4 February 2021

Change on the horizon for green bond impact reporting

Proposals for an EU Green Bond Standard (GBS) and the pending launch of a platform designed to make it easier for investors to access data signal change for green bond impact reporting, according to participants of a webinar on the subject.

Peter Lööw, head of responsible investment at SEK1 trillion ($120 billion) Swedish pension fund manager Alecta, said the launch in March of a platform that will enable investors to access green bond impact reports “will be game changing”.

The platform, which will be launched by the Nasdaq Sustainable Bond Network, “will make it possible for investors to draw data directly from the platform – you can list your portfolios and there will be standardised reports to pull from the platform,” Lööw said. “It will also be a ‘win-win’ situation for the issuers in that they can benchmark [their impact reports] against other issuers. It will also be a place they can interact with investors in various ways to increase efficiency,” he added.

The platform is already available for issuers, who, along with Nasdaq, are populating the platform with data ahead of the March launch, Lööw said. Nasdaq launched the network in 2019.

Meanwhile, Katie House, analyst for sustainability and impact at green bond investor Affirmative Investment Management, predicted that the proposed introduction of an EU GBS could herald an “evolution” in impact reporting.

House predicted that, if issuers report contributions in line with the EU’s taxonomy of sustainable activities as part of the GBS requirements, this could make it simpler for investors to aggregate their own reporting of the impact of their green bond investments.

House and Lööw were speaking this week on a webinar hosted by Environmental Finance and the IFC, Green bond impact reporting: shining a light on best practices.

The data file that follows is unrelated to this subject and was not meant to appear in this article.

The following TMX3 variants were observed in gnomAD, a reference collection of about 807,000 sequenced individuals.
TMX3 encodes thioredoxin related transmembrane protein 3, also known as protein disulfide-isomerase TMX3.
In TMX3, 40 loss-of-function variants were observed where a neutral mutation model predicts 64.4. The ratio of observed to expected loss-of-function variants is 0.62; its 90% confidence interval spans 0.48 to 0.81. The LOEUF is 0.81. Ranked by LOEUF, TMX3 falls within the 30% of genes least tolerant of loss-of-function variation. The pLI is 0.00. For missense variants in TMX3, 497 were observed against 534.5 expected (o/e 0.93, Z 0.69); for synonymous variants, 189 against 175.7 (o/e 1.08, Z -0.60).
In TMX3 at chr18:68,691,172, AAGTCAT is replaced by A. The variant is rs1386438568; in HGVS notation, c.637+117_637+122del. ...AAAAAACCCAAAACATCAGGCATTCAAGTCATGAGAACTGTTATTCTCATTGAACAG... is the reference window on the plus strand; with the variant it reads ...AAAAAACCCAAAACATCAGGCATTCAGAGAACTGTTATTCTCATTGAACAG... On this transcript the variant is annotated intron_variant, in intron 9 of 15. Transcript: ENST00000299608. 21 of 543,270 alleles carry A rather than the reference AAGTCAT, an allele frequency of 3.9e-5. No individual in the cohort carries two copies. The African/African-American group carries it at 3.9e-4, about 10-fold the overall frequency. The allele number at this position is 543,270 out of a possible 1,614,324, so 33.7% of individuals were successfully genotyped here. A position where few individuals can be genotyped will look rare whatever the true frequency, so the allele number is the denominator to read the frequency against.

More than two-thirds of investors regard impact reports as ‘crucial’ – however, 60% of investors say current impact reporting practices are ‘inadequate’, according to Green Bond Funds Impact Reporting Practices 2020, a report supported by the IFC’s Green Bond Technical Assistance Programme (GB-TAP).

The report identifies transparency and standardisation of the impact reports as key areas for improvement.

Alecta’s Lööw said that, on the whole, “we agree with the findings of the survey and we agree with the need for harmonisation and standardisation of impact reporting”.

He said that while impact reporting for the roughly €5 billion worth of green bonds Alecta invests in is generally good, the information on impact tends to be hard to aggregate to provide comparable and easily digestible figures. “It has proved very difficult and time consuming for us to aggregate this information.”

To improve reporting, he said Alecta engages with issuers and often tells them to read the position paper on impact reporting published by a group of Nordic public sector green bond issuers.

Jürgen Köstner, vice president and head of investor relations at Germany’s KfW, which is both a green bond issuer and investor, told the webinar that “getting impact data for the very large number of projects” financed by KfW’s green bond issuance programme was the bank’s biggest challenge.

KfW has issued more than €30 billion in green bonds since the inception of its issuance programme. Its green bonds finance renewable energy projects and energy efficient residential buildings in Germany.